The world of tactical aviation is filled with all sorts of stories–good, bad, ugly, and otherwise. Here’s one I heard about over the weekend and was pretty astounded by it.
It involves an F-106 Delta Dart now on display at the National Museum of the United States Air Force, located at Wright-Patterson Air Force Base in Dayton Ohio. Known as the “Cornfield Bomber,” this particular airplane was involved in a very unusual incident.
On 2 February 1970, three F-106s from the 71st Fighter Interceptor Squadron, the “Ironmen,” took off from Malmstrom Air Force Base near Great Falls, Montana for an Air Combat Maneuvering (ACM) sortie. At point point during the engagement, the aircraft departed from controlled flight and entered a flat spin. The pilot, Captain Gary Faust, was unable to return his jet to controlled flight and ejected.
Now here’s where it gets weird.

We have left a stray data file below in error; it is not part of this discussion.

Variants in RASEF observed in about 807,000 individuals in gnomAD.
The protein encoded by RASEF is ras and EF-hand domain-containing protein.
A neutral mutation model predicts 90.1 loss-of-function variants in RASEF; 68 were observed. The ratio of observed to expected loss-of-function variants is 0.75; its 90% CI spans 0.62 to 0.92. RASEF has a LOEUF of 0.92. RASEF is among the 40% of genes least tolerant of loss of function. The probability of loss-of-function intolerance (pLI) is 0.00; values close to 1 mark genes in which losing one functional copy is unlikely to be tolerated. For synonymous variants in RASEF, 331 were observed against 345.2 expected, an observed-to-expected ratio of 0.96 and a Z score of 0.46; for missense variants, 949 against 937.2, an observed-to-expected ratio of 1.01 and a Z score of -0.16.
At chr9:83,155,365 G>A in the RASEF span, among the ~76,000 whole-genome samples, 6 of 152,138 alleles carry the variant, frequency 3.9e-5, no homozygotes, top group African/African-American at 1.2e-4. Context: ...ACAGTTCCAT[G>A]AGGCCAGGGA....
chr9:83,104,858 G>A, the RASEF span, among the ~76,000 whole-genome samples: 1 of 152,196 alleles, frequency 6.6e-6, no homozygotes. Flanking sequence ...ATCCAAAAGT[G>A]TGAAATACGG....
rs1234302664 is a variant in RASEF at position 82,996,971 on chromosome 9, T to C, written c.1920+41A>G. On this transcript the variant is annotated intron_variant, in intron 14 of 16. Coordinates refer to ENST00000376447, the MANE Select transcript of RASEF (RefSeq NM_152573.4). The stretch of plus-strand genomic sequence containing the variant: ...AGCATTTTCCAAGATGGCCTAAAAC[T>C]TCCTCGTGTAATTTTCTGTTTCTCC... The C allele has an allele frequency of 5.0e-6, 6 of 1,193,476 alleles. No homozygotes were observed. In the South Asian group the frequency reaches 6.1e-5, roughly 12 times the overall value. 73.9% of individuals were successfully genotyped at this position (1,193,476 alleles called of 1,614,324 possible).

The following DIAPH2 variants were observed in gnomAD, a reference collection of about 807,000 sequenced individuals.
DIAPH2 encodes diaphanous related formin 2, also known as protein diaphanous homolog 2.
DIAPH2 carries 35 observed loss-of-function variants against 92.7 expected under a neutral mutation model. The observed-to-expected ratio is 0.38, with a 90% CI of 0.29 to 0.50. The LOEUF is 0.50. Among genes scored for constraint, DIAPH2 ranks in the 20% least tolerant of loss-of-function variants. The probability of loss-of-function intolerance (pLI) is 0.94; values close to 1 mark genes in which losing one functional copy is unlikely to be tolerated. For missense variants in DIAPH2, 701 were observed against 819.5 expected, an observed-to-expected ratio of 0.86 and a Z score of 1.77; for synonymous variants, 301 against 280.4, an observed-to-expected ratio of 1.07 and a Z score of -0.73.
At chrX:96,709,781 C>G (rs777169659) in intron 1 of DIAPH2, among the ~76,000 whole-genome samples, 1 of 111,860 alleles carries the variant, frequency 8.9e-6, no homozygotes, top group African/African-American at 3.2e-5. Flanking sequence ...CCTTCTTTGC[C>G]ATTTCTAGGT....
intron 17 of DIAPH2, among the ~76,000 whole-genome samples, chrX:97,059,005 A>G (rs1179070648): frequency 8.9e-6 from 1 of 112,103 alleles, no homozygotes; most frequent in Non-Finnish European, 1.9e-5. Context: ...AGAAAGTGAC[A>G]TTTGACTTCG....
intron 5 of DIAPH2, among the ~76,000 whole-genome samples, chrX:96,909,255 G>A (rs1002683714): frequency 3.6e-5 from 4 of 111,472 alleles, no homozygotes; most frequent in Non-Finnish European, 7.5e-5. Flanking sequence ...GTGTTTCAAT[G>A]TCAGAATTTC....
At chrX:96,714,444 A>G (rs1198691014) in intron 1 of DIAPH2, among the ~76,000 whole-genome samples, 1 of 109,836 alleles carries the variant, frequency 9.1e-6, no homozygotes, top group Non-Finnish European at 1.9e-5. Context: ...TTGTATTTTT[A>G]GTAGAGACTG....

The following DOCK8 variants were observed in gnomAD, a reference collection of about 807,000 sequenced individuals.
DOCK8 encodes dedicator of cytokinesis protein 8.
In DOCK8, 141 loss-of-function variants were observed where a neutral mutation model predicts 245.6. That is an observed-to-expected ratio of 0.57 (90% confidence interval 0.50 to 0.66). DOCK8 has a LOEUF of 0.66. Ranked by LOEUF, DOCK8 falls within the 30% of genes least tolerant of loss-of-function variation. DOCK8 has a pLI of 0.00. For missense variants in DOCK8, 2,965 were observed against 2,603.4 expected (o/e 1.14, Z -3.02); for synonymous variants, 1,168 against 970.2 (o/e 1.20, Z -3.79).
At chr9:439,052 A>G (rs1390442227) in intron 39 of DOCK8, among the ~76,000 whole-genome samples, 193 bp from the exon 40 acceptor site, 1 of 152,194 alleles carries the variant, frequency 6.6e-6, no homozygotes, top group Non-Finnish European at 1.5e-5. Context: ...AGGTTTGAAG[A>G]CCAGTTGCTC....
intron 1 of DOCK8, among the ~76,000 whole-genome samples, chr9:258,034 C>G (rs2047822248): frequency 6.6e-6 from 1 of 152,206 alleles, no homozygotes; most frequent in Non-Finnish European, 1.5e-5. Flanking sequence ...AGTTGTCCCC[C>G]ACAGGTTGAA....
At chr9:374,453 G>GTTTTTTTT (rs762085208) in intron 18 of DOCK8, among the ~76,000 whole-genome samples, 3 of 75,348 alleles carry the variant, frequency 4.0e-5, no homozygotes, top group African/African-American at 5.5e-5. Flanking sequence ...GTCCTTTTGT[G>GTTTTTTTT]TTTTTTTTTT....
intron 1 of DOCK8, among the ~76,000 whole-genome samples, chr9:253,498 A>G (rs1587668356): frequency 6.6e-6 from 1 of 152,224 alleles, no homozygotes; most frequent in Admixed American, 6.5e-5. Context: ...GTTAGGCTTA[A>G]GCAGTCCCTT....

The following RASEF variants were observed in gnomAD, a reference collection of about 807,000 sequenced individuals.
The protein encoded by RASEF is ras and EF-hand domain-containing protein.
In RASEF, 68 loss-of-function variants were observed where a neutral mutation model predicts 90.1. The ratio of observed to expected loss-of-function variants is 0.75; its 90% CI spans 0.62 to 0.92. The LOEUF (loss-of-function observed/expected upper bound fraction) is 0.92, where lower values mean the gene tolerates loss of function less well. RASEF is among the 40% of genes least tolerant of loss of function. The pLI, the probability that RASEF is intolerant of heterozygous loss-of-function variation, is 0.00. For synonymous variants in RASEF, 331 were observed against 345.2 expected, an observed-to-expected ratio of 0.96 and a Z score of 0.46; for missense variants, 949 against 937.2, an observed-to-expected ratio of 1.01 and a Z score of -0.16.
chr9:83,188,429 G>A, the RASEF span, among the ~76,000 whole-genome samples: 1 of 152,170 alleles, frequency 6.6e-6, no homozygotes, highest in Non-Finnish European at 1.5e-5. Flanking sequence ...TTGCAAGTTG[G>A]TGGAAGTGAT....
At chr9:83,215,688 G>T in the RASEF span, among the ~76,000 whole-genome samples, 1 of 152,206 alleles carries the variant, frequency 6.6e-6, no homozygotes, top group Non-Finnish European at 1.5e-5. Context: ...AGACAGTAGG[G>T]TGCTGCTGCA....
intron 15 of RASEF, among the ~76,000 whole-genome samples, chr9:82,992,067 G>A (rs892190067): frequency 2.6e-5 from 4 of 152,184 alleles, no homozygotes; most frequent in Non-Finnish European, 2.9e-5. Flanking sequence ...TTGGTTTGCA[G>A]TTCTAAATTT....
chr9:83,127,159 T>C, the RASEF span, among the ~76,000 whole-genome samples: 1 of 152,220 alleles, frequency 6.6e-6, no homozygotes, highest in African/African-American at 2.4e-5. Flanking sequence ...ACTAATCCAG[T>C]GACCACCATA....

Apparently the weight and balance of the aircraft was altered enough during Faust’s ejection sequence that the airplane recovered from the spin and re-entered a stable flight envelope. The F-106, unmanned, flew off on its own and all of the pilots involved in the mission assumed it crashed somewhere beyond their visual range, ending its service life in a short-lived fireball and shallow crater somewhere in the Montana countryside.
The airplane actually belly-landed in a snow-covered field near the town of Big Sandy. The local Sheriff’s Department received a phone call about an airplane sitting in the field with its engine still running. The airplane was flat-bellied in the field, which had a slight downward grade, and the Sheriff advised to just let the engine run until it ran out of gas.
A depot team from the Sacramento Air Logistics Center at McClellan Air Force Base, California, was dispatched to the scene to assess the situation and get the aircraft out of there. Once the wings of the airplane–still in perfect flying condition (?!)–were removed from the aircraft, the fuselage was lifted up and all parts were placed on a rail car and sent to California by train. The fuselage sustained relatively minor damage and the aircraft was restored to flying status.
The “Cornfield Bomber,” even though the F-106 was a fighter and landed in a wheat field, last served with the 49th Fighter Interceptor Squadron, and was ultimately retired and placed into care of the museum in 1986.